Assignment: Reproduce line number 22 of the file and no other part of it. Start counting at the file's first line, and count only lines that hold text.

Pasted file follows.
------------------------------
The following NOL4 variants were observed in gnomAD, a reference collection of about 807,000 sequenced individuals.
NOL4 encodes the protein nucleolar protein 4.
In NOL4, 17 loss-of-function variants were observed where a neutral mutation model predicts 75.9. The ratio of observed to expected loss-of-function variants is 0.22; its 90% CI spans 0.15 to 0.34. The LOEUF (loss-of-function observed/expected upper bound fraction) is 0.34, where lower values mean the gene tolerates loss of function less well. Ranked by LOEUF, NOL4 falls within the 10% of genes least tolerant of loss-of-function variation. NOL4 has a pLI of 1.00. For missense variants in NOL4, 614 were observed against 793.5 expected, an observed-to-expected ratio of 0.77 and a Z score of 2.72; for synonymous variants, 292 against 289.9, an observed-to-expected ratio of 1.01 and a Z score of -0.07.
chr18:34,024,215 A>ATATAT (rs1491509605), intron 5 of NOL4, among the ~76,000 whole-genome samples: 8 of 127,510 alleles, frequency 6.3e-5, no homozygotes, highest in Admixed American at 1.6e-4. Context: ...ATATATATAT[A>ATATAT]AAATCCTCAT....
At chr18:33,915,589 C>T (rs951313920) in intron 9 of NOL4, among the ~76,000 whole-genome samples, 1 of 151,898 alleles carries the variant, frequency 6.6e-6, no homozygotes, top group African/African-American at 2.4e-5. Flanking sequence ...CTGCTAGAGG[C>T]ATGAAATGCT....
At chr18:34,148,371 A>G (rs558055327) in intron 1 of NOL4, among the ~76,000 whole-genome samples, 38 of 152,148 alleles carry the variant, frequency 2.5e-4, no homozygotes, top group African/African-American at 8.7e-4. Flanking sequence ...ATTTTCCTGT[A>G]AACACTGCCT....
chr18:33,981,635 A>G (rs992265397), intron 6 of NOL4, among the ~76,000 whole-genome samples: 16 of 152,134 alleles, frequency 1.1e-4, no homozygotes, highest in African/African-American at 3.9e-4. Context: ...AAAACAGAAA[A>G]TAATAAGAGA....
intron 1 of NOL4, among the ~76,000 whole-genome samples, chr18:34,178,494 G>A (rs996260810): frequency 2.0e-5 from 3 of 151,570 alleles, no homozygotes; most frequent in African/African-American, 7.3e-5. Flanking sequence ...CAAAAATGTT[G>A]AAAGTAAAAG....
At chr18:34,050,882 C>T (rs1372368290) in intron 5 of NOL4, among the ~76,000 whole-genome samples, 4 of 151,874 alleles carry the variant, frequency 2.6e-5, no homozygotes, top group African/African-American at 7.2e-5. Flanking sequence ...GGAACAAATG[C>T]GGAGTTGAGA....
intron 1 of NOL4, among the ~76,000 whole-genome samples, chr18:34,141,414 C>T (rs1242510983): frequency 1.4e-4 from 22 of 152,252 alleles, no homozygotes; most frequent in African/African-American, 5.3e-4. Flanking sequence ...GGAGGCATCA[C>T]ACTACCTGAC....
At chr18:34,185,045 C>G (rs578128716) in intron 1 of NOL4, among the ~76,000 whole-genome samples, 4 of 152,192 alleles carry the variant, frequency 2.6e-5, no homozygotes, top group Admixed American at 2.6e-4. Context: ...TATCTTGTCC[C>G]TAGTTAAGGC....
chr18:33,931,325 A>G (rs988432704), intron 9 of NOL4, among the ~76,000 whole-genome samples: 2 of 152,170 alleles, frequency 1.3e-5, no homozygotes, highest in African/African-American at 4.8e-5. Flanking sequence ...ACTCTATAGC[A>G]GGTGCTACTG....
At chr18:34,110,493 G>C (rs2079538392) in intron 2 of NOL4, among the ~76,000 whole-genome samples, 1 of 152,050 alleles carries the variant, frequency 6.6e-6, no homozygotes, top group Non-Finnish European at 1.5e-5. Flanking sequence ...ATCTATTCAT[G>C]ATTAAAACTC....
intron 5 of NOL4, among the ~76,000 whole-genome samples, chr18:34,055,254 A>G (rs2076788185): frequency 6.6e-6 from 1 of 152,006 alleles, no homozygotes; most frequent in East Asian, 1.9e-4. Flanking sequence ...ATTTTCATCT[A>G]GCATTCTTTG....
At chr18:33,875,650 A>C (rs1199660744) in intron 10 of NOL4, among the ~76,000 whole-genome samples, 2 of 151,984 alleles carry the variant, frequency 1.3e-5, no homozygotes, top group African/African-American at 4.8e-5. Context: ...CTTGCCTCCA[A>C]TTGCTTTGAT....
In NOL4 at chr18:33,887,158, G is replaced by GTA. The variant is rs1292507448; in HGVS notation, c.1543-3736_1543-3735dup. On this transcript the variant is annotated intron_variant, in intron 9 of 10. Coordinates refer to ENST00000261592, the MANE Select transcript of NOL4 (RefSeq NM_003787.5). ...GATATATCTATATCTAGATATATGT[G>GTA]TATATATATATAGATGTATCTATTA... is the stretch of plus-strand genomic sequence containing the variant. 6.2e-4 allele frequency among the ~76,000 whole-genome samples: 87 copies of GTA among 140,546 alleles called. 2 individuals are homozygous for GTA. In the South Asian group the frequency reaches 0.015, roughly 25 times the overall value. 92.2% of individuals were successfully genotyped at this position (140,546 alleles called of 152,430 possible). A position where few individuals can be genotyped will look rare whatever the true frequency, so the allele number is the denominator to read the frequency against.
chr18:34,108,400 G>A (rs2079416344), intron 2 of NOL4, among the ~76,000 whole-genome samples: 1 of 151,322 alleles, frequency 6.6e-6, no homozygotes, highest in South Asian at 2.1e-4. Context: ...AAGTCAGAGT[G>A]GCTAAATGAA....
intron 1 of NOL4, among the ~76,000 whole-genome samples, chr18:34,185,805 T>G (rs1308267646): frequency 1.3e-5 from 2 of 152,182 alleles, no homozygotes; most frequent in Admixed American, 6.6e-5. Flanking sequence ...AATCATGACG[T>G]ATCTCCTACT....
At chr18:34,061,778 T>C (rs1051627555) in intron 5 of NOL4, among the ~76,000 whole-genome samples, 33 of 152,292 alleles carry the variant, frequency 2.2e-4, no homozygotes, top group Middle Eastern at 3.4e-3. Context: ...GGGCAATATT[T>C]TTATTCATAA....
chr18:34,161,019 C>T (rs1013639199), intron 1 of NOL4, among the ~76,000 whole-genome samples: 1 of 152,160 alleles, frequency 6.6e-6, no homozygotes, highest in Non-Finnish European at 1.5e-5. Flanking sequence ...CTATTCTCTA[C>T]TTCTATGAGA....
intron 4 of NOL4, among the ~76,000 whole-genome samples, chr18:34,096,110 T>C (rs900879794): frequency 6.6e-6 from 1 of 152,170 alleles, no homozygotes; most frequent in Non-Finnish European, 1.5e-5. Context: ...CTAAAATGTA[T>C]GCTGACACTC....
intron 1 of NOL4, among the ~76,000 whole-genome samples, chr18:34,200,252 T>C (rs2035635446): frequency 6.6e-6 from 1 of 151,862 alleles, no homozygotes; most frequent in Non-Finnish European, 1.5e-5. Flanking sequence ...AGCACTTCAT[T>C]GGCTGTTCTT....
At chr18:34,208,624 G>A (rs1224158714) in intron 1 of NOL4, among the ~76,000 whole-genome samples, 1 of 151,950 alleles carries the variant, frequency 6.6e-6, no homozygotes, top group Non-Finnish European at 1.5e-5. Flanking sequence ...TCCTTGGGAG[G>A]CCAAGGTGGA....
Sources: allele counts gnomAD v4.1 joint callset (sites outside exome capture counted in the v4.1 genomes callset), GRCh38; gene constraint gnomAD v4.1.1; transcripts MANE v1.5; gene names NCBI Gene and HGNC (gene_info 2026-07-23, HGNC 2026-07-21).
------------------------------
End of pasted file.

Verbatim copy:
intron 1 of NOL4, among the ~76,000 whole-genome samples, chr18:34,200,252 T>C (rs2035635446): frequency 6.6e-6 from 1 of 151,862 alleles, no homozygotes; most frequent in Non-Finnish European, 1.5e-5. Flanking sequence ...AGCACTTCAT[T>C]GGCTGTTCTT....